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OA Week

Welcome to OA week, a celebration of Open Access principles and progress around the world. In preparation for this year’s activities PLOS, SPARC, and OASPA recently released the final version of the Open Access Spectrum guide. This resource outlines the core components of Open Access across the continuum from “open access” to “restricted access”. Its aim is to help authors make informed decisions on where to publish based on journal policies. It also provides a resource for funders and other organizations to help establish criteria for the level of open access required for their policies and mandates. Ultimately, the conversation must shift from “Is It Open Access?” to “HowOpenIsIt?”

To kick off OA Week, SPARC and the World Bank are hosting a live blog and webcast today at 4:00 EST.

PLOS will celebrate the week in a number of ways:

Monday, October 22

  • Wide release of the Open Access Spectrum guide
  • PLOS is a member organization of the The Humanitarian Centre,  which has launched its 2012 Cambridge International Development report. The report is a collection of original pieces from speakers and participants in the Humanitarian Centre’s ‘Global Health Year’: a year of events and activities designed to explore ways that people from different disciplines, sectors and countries can work more effectively together to tackle global health challenges.
  • PLOS Advocacy Director, Cameron Neylon, examines the next phase of Open Access in a blog post: Free and Open Data as a Worldwide Economic Engine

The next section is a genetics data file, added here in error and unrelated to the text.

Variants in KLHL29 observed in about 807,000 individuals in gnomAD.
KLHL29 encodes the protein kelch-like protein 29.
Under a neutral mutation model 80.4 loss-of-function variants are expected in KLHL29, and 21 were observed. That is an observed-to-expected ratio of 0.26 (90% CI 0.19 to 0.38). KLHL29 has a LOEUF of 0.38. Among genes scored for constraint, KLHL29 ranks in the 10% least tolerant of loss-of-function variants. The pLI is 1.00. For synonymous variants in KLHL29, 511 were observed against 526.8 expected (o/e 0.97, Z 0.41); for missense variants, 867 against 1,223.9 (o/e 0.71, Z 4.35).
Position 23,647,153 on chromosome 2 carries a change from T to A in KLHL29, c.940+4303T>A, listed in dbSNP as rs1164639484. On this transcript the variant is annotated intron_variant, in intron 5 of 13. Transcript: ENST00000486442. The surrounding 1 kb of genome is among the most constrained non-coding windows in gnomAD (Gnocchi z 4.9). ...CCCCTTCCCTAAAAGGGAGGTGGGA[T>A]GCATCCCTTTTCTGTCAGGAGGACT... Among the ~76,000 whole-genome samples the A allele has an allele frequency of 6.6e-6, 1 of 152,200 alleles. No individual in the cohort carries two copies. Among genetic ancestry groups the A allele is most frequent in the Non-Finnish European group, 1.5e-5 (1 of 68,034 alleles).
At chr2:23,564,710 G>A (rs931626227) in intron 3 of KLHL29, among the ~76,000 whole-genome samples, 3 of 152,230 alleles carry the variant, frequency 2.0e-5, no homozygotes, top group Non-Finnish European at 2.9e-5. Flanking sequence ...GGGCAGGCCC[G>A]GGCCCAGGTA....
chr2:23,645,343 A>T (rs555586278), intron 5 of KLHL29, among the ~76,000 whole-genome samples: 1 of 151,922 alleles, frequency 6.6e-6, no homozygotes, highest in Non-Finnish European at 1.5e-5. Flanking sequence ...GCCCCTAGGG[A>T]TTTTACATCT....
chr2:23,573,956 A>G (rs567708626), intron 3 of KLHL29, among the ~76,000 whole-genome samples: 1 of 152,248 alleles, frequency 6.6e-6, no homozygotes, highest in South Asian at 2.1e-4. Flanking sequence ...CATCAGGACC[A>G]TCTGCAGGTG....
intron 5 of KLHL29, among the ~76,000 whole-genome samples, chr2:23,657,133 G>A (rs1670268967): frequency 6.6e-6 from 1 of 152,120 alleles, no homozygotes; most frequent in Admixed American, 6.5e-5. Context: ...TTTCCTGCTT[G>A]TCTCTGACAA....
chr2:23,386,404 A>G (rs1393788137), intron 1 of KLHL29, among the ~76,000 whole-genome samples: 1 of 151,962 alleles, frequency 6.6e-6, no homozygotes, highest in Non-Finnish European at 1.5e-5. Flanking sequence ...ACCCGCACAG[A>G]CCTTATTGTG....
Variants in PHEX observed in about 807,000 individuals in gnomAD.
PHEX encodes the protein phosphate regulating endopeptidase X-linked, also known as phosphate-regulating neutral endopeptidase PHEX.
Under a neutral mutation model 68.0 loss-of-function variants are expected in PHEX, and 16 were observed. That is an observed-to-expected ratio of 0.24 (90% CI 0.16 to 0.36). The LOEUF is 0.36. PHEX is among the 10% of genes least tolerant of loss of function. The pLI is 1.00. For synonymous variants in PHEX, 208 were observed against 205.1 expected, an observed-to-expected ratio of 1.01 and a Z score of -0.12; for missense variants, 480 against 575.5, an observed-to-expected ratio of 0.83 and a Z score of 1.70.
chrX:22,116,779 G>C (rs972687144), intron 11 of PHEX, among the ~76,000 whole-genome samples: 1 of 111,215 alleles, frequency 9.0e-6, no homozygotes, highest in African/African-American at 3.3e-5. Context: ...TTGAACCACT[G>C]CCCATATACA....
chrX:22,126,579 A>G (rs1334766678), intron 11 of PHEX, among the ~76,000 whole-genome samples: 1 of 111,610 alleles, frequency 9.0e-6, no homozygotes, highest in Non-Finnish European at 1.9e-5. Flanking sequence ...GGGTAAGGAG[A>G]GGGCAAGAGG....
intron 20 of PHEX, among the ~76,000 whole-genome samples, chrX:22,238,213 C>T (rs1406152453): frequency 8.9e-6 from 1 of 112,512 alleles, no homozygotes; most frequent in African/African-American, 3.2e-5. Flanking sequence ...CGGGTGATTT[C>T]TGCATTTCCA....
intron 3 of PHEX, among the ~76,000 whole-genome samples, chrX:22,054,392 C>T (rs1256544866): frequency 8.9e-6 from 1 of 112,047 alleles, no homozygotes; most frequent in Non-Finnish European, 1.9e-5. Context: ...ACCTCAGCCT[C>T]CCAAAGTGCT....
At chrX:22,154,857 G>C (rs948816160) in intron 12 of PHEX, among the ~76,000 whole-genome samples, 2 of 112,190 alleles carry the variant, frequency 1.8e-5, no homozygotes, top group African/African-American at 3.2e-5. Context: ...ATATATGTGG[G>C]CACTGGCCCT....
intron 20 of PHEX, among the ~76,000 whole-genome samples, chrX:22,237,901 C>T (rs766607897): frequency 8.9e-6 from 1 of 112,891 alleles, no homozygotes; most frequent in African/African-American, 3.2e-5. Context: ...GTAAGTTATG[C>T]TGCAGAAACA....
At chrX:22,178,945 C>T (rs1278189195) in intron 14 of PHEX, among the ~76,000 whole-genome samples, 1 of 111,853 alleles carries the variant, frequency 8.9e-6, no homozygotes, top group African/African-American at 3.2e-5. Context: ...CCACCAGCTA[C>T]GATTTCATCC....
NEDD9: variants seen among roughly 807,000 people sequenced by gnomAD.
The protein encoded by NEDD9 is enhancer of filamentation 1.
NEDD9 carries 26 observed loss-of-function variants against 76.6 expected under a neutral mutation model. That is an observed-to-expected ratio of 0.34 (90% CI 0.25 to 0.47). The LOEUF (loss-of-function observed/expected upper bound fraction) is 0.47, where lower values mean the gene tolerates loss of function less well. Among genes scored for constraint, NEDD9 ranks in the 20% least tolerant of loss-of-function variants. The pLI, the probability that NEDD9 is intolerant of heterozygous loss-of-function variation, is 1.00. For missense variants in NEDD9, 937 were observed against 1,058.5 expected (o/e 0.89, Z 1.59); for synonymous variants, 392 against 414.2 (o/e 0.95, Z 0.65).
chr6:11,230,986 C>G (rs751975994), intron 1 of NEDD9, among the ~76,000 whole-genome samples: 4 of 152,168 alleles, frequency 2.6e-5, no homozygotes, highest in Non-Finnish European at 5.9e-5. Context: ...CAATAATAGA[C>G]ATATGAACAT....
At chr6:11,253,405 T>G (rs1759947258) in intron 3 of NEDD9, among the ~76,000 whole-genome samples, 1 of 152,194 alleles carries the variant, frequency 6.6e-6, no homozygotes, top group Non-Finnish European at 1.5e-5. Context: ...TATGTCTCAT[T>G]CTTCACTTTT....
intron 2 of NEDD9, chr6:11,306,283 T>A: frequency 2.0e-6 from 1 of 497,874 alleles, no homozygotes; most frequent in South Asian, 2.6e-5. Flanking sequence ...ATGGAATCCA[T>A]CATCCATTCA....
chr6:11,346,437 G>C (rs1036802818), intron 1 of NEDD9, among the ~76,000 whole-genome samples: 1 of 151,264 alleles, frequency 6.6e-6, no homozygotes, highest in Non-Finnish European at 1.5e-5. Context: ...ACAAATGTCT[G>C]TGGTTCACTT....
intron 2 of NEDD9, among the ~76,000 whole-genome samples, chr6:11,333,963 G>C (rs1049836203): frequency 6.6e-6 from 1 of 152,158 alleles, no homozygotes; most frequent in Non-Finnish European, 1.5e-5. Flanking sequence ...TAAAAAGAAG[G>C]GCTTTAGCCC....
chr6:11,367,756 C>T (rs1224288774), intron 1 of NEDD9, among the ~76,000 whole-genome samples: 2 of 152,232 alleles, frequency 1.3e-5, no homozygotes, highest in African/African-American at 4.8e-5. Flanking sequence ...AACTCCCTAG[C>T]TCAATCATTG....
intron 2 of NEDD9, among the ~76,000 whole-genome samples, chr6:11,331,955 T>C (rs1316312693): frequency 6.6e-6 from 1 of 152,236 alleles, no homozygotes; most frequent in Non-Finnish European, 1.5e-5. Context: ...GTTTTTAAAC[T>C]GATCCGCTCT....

• Guest blogger Barbara Fister provides an educator’s perspective in an post that considers open science as an alternative to the “science-as-property” model used in most schools and colleges

Tuesday, October 23

Wednesday, October 24

  • Guest blogger Mark Thorley (Natural Environment Research Council and lead for Research Councils UK on their Open Access policy) provides a funder’s perspective on why Open Access matters when spending public funds to advance scientific research
  • Cameron Neylon is a guest speaker at the University of Exeter delivering a talk entitled, “Realizing the full potential of Open Access: How I learned to stop worrying and love the RCUK policy”
  • Kristen Ratan, PLOS Chief Publications and Products Officer, participates in an Open Access publishing day forum at the National Science Library, Chinese Academy of Sciences

Thursday, October 25

  • To celebrate the 5th anniversary of PLOS Neglected Tropical Diseases,  the journal will be publishing a number of items around the theme of progress made in the NTDs field and challenges that remain. We will be publishing a commemorative Editorial, two collections, and a call for Historical Profiles and Perspectives submissions. The primary collection is called “The Geopolitics of Neglected Tropical Diseases”.  The collection is a compilation of previously published review articles focusing on the geographic distribution of NTDs by region, inspiring readers to think about the geopolitics of the infectious diseases affecting the most marginalized populations and the unique perspective of the burden of disease within a global context. A secondary collection compiles our top-viewed research articles from each year of publication to highlight the continued impact of our primary research.
  • A Q&A with Peter Hotez and Serap Aksoy, Editors-in-Chief of PLOS Neglected Tropical Diseases, on how far the journal has come in the past five years.

Friday, October 26

  • Guest blogger Christy Collins, Founder and President of M-CM Foundation, patient advocate, and parent, gives us a closer look at how patient advocates are using data from open source medical research
  • Cameron Neylon is attending the launch of the Open Access policy at the University of Oslo


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